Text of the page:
of electronic devices. The addiction that many teens have to their devices may be
changing the way their brains are wired making them more distractible, less able to focus
and less likely to complete tasks New research on smart phone and screen use by teens
suggests that these devices may promote antisocial behavior, prolong childhood, and
increase political disconnectedness, loneliness and depression. Ask any high school
teacher or any parent and they will tell you that the enemy of focused activity, critical
thinking and engagement is the screen.

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The root word of education, “Educere” is from the Latin, meaning “ to draw out” or “to be
present at the birth of.” I began to think, What if I said to my students ”this is the most
important device that you own and that we are going to turn on and use everyday? What if I
grounded my teaching and learning in current on how the brain learns? What if I focused on
questions rather than answers? Most important of all--what if I stepped back and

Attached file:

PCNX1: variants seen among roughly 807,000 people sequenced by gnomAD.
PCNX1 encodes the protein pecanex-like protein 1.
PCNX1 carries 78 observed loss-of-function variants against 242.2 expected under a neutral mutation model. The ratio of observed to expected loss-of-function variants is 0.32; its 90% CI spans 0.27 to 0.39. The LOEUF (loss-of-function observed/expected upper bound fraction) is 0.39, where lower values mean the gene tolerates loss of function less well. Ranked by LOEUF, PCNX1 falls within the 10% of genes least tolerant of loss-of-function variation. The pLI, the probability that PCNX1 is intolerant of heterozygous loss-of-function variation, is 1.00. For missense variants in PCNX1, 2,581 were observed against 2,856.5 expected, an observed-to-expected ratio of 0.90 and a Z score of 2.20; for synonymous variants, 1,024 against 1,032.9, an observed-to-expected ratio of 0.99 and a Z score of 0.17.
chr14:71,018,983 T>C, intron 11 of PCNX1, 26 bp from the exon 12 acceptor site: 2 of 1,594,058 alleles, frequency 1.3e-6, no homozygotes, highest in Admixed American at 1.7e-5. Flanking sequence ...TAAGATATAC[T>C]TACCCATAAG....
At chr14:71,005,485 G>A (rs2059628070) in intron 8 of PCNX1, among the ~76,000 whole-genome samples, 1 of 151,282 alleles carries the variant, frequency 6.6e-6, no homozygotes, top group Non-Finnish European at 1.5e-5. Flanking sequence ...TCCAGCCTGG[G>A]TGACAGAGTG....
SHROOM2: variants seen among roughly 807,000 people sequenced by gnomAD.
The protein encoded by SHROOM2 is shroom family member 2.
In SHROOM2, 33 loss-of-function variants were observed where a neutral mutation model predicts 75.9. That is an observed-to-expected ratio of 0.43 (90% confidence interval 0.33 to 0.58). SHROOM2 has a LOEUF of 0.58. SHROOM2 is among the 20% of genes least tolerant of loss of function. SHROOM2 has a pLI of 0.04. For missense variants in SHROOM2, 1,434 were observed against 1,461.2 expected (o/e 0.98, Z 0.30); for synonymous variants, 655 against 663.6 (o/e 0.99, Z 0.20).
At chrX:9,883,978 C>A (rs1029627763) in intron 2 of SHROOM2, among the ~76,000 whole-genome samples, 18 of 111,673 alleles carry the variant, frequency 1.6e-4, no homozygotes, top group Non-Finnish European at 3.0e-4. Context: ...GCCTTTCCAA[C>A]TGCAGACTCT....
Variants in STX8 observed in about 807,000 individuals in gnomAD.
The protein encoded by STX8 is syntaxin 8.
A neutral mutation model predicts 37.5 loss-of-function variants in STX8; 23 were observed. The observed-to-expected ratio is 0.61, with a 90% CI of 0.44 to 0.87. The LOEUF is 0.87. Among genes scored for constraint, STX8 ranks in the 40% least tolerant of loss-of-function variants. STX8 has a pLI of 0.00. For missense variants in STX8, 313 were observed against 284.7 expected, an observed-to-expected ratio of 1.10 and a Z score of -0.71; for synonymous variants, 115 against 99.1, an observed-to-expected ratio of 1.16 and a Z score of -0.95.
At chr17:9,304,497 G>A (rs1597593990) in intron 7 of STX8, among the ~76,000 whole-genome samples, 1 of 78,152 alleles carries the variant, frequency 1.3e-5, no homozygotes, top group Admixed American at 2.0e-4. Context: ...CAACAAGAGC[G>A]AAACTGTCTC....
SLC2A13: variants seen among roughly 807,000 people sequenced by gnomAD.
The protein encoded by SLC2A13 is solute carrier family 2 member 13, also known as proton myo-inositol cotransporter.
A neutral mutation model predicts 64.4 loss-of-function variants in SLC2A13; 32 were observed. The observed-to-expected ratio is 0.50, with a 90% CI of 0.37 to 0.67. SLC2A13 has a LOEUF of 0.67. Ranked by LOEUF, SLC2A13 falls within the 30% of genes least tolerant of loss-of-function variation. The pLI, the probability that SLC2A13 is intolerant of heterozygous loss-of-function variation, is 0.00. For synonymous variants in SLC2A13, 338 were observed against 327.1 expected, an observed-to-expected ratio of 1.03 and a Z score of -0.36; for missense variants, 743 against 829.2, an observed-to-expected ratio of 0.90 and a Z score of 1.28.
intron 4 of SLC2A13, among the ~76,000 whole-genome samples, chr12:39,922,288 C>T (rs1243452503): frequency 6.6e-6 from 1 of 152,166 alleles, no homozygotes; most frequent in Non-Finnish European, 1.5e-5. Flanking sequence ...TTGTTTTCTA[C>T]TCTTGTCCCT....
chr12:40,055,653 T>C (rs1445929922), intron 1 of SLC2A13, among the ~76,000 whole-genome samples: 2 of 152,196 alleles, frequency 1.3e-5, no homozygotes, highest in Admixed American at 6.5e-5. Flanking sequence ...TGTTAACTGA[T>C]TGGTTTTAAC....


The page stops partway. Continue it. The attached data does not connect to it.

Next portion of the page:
encouraged my students to step up and engage in the messy work of learning?

Socrates believed that “Education is the kindling of a flame, not the filling of a vessel”. I
wanted my students to ignite the flame of their own learning and to find their voice so I
decided to do some thing radical- I turned my classroom over to my students
This is what my classroom looks like now:

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In my classroom learning takes place around an oval table called a Harkness table.
In our Harkness discussions, the students drive the conversation. They read primary
source materials and work together to ask and answer essential questions and solve
difficult problems. They may not simply write down what I say--because I am not talking! I
am at the table and while I may speak from time to time, I do not direct the conversation
or lead students to a conclusion that I want them to reach. Instead, they must work
together to understand difficult texts, to reach their own conclusions and to solve the
problems I create for them. The pedagogy is grounded in equity- all voices are valued and
encouraged. I often tell my students that “none of us is as smart as all of us” While
students are talking I track the dynamics of their discussion and give them feedback on
their skills of civil discourse.

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This Harkness method is grounded in four critical principles of brain research; 1) that